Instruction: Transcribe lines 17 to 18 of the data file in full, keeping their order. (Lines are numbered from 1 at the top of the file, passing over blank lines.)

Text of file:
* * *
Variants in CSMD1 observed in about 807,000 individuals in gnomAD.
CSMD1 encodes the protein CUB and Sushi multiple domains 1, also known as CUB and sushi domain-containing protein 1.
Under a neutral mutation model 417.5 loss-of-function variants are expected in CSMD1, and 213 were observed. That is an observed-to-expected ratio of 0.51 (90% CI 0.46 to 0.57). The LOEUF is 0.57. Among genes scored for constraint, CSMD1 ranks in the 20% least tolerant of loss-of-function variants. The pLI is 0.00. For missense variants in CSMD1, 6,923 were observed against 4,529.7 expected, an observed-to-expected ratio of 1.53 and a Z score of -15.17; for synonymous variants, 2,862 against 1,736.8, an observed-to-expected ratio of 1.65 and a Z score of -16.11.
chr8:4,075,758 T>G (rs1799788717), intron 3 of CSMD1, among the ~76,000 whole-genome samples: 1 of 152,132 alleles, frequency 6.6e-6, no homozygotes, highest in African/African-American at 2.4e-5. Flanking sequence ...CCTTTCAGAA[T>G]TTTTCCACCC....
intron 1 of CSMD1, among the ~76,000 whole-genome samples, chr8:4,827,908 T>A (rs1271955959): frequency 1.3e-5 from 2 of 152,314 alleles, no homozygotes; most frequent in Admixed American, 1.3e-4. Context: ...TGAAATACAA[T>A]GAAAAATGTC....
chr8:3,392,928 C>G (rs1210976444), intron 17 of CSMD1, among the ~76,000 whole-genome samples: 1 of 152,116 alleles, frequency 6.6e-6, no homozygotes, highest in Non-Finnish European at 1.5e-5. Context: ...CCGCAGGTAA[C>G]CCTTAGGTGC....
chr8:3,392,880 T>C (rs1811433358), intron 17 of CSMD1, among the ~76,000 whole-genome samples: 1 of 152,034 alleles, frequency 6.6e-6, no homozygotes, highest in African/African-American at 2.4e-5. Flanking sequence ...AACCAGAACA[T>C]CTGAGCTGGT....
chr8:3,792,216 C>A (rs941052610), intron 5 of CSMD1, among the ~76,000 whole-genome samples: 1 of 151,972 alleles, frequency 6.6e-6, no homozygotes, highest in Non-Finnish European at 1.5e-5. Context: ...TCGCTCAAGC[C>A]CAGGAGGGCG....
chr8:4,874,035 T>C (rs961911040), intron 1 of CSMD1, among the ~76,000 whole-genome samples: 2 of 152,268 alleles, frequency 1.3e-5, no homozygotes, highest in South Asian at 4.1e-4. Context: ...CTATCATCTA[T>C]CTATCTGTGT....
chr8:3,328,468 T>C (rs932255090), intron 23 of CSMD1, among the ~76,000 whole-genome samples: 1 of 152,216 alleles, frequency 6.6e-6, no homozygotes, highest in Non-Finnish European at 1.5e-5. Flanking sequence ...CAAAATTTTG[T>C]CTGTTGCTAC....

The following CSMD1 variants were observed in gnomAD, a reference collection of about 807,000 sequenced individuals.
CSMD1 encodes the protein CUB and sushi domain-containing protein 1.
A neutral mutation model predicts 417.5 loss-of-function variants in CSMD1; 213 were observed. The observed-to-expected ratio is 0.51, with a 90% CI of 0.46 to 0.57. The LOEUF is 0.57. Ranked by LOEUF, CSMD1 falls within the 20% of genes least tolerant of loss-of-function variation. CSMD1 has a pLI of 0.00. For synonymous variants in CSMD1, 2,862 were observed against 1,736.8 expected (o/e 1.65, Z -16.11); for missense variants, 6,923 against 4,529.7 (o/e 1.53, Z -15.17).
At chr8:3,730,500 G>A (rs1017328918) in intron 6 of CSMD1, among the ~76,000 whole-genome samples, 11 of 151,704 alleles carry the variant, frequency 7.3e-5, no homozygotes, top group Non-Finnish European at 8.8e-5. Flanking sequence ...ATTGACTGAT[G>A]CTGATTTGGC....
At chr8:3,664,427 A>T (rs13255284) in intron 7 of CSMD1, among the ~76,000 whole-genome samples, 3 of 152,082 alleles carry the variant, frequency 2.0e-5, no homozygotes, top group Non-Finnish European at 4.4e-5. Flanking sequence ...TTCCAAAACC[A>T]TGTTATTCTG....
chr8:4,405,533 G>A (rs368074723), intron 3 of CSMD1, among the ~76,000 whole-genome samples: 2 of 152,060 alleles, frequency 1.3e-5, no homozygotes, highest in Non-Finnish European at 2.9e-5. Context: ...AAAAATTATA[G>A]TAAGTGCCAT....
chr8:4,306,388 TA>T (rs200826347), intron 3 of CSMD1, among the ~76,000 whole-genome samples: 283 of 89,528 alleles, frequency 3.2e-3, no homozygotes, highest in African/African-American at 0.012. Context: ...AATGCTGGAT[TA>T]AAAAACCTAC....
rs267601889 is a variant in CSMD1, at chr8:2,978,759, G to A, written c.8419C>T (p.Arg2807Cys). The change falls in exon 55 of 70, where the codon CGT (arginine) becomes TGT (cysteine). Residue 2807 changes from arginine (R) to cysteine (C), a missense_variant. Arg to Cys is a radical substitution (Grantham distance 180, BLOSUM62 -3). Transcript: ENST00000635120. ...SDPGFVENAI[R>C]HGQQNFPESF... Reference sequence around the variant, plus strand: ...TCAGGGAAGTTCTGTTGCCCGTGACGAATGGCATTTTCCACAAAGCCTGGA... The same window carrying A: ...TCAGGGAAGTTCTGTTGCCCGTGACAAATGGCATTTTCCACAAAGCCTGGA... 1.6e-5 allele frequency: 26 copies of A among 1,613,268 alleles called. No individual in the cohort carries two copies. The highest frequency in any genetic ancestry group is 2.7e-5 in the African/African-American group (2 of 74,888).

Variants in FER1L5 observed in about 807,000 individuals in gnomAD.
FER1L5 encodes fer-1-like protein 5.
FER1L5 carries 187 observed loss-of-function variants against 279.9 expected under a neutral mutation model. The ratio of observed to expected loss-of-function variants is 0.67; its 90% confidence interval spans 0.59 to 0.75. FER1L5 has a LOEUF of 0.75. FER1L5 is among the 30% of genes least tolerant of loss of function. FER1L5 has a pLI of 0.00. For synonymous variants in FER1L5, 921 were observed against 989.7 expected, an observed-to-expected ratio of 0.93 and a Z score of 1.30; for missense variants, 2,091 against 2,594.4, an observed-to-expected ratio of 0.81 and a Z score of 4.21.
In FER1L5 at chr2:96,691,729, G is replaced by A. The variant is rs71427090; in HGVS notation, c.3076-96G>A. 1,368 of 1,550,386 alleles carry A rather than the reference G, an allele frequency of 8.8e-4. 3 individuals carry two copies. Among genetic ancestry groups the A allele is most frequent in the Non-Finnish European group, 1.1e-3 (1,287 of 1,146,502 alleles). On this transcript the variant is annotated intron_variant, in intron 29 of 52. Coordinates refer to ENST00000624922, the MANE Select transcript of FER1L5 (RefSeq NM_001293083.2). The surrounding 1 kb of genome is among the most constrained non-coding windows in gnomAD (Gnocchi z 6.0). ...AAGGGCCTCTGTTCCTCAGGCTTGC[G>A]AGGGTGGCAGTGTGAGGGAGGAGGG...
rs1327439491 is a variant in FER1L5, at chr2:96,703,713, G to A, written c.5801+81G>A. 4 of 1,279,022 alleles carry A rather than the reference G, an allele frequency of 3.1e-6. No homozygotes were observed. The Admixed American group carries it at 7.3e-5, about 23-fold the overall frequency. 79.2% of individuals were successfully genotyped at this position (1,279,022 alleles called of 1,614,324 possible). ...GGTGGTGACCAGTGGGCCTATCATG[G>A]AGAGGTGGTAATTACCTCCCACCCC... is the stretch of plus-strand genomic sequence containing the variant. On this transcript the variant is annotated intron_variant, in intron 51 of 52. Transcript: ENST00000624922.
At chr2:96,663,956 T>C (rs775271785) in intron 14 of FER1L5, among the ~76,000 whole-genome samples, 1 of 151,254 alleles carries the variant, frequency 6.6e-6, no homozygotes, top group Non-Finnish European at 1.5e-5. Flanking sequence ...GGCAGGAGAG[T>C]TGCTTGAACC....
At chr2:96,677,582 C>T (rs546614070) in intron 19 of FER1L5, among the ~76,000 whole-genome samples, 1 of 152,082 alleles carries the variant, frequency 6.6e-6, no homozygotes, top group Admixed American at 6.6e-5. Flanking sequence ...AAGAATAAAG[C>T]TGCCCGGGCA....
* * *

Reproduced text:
chr8:4,306,388 TA>T (rs200826347), intron 3 of CSMD1, among the ~76,000 whole-genome samples: 283 of 89,528 alleles, frequency 3.2e-3, no homozygotes, highest in African/African-American at 0.012. Context: ...AATGCTGGAT[TA>T]AAAAACCTAC....
rs267601889 is a variant in CSMD1, at chr8:2,978,759, G to A, written c.8419C>T (p.Arg2807Cys). The change falls in exon 55 of 70, where the codon CGT (arginine) becomes TGT (cysteine). Residue 2807 changes from arginine (R) to cysteine (C), a missense_variant. Arg to Cys is a radical substitution (Grantham distance 180, BLOSUM62 -3). Transcript: ENST00000635120. ...SDPGFVENAI[R>C]HGQQNFPESF... Reference sequence around the variant, plus strand: ...TCAGGGAAGTTCTGTTGCCCGTGACGAATGGCATTTTCCACAAAGCCTGGA... The same window carrying A: ...TCAGGGAAGTTCTGTTGCCCGTGACAAATGGCATTTTCCACAAAGCCTGGA... 1.6e-5 allele frequency: 26 copies of A among 1,613,268 alleles called. No individual in the cohort carries two copies. The highest frequency in any genetic ancestry group is 2.7e-5 in the African/African-American group (2 of 74,888).